Private Sector Supremacy - Debt Recovery
In a recent article in The Times, the Small Business Commissioner is reported to have revealed that he has only managed to recover £2.1m in unpaid invoices on behalf of small companies in the year since he was appointed. He has also refused to disclose how many companies have been assisted.
I remember being in a room full of commercial litigators at a lecture given by a high ranking functionary in SOCA, the forerunner to the National Crime Agency who announced proudly that they had, in the period they had then be operating in, recovered proceeds of fraud amounting to £10m. This was met by stunned silence from the private sector which recovers those sorts of sums routinely without the aid of government or law enforcement.
For decent small business owners and indeed any business owner, not being paid for works done adds a completely unnecessary and sometimes dangerous dimension to businesses.
Large businesses make a point of effectively gaining another level of credit. For a large company with a lot of invoices they can actually sweeten their cash flow considerably simply by not paying people and because of their purchasing power small businesses are often reluctant to take them on because if they do they know they will not get any more business, they also know that legal fees can exceed the recovery.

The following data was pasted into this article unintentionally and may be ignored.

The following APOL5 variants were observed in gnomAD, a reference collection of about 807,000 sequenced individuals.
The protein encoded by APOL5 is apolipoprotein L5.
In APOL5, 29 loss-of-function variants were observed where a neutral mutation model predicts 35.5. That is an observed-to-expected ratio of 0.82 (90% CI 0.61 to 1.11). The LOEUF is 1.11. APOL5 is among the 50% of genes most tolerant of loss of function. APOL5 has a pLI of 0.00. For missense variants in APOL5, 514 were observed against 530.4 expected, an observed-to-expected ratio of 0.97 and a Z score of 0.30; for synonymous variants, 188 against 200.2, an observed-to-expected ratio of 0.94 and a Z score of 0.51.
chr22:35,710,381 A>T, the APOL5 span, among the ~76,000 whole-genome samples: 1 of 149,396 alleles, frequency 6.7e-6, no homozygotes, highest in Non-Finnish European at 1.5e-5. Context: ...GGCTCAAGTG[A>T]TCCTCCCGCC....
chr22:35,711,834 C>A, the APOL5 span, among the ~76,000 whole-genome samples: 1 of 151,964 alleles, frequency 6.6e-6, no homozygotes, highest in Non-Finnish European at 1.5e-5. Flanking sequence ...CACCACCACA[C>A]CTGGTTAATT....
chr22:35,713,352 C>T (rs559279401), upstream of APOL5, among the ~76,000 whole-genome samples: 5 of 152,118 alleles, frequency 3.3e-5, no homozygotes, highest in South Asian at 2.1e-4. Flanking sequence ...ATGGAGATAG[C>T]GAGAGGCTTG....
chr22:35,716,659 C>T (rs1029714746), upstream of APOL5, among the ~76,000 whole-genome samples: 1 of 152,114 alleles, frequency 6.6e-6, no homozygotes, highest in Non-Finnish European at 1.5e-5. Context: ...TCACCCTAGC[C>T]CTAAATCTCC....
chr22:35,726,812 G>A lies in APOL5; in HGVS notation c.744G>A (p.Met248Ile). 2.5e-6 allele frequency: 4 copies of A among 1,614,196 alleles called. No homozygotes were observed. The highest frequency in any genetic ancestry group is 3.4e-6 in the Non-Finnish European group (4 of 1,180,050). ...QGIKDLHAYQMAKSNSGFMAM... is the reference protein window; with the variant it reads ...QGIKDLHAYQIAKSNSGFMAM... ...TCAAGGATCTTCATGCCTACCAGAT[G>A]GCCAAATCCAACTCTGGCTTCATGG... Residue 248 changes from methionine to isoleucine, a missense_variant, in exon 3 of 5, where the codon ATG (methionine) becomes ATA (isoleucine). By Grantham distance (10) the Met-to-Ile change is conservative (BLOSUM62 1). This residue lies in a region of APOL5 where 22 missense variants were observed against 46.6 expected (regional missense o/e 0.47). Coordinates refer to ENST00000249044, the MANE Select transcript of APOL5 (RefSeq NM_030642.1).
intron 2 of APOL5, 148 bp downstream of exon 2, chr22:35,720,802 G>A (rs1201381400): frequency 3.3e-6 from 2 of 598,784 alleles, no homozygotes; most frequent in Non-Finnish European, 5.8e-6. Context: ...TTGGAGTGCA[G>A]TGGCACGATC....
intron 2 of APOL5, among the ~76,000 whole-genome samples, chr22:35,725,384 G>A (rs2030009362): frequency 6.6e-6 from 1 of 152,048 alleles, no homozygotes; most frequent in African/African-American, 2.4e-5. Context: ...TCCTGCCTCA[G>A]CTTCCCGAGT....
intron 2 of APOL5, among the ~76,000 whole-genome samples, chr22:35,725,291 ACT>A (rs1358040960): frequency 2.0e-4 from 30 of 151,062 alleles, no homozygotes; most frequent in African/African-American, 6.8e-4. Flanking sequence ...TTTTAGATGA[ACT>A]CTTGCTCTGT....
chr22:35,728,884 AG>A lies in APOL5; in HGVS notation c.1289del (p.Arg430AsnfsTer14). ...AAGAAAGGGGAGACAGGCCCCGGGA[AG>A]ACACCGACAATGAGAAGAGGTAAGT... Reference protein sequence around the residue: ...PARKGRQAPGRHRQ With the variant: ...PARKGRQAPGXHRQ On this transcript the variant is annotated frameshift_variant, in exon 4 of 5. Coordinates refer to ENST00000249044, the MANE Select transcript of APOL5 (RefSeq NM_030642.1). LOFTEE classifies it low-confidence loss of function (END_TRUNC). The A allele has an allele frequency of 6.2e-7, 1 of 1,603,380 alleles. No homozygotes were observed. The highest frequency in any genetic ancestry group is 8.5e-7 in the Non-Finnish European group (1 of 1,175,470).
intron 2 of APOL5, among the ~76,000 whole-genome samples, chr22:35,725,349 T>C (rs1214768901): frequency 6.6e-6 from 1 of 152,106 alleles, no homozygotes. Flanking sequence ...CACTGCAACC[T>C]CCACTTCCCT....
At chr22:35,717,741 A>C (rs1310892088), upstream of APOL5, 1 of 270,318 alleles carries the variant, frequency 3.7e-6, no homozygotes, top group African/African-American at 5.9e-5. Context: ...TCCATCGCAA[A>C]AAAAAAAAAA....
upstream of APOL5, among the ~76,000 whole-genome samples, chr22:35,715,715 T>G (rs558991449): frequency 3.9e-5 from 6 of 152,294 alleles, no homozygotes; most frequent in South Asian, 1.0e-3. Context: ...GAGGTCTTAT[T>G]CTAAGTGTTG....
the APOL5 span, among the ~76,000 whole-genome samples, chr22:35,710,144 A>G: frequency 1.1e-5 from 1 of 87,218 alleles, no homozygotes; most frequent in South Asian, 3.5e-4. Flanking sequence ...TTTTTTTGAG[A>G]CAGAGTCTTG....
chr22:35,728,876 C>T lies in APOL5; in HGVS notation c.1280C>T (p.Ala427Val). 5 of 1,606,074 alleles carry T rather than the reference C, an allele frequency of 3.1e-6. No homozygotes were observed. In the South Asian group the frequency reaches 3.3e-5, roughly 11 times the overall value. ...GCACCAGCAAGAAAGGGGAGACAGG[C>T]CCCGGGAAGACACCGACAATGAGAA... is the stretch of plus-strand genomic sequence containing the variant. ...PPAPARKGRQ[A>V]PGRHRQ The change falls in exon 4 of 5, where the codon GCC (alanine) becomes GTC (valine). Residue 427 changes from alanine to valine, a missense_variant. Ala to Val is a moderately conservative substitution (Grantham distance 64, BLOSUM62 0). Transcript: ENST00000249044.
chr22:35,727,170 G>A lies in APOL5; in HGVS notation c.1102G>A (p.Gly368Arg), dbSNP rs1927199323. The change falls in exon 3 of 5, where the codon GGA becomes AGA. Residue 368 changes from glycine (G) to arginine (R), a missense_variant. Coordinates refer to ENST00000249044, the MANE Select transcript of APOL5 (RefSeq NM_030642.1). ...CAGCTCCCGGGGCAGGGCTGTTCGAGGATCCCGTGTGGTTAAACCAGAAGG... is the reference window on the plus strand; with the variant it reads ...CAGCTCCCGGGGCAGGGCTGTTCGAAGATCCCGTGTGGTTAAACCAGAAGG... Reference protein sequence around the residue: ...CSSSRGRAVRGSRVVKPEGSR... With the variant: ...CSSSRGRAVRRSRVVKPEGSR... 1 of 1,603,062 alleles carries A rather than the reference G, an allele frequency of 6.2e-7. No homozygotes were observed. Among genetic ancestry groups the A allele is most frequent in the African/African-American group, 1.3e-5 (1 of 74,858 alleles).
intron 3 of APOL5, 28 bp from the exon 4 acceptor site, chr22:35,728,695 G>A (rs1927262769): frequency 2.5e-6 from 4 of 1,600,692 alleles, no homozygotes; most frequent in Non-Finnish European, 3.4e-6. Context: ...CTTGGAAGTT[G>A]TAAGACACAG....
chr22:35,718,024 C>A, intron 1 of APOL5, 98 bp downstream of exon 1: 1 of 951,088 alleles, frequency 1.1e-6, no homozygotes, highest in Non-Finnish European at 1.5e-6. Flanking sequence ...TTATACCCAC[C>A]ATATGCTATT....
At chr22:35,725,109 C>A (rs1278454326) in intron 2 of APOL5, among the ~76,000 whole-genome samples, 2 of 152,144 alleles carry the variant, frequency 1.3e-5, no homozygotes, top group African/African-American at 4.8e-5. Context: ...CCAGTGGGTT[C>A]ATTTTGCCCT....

Booroola (Jersey) Limited has a specific product for this, the debts are assigned to us subject to an agreement to return a percentage to the original creditor: this is where we step in as an intermediary between the creditor and the debtor. As the debt has been assigned to us we are impervious to any form of pressure from the paying party, we brook no nonsense. If the debt is due it is either paid within days or writs or winding up applications are issued.
From the suppliers point of view they cannot be pressured because they have run out of patience and they have “sold” the debt over to a third party so they too can no longer be pressured. This can work very effectively as a means of righting a small or medium sized business’ cash flow: sometimes within a very short period of time.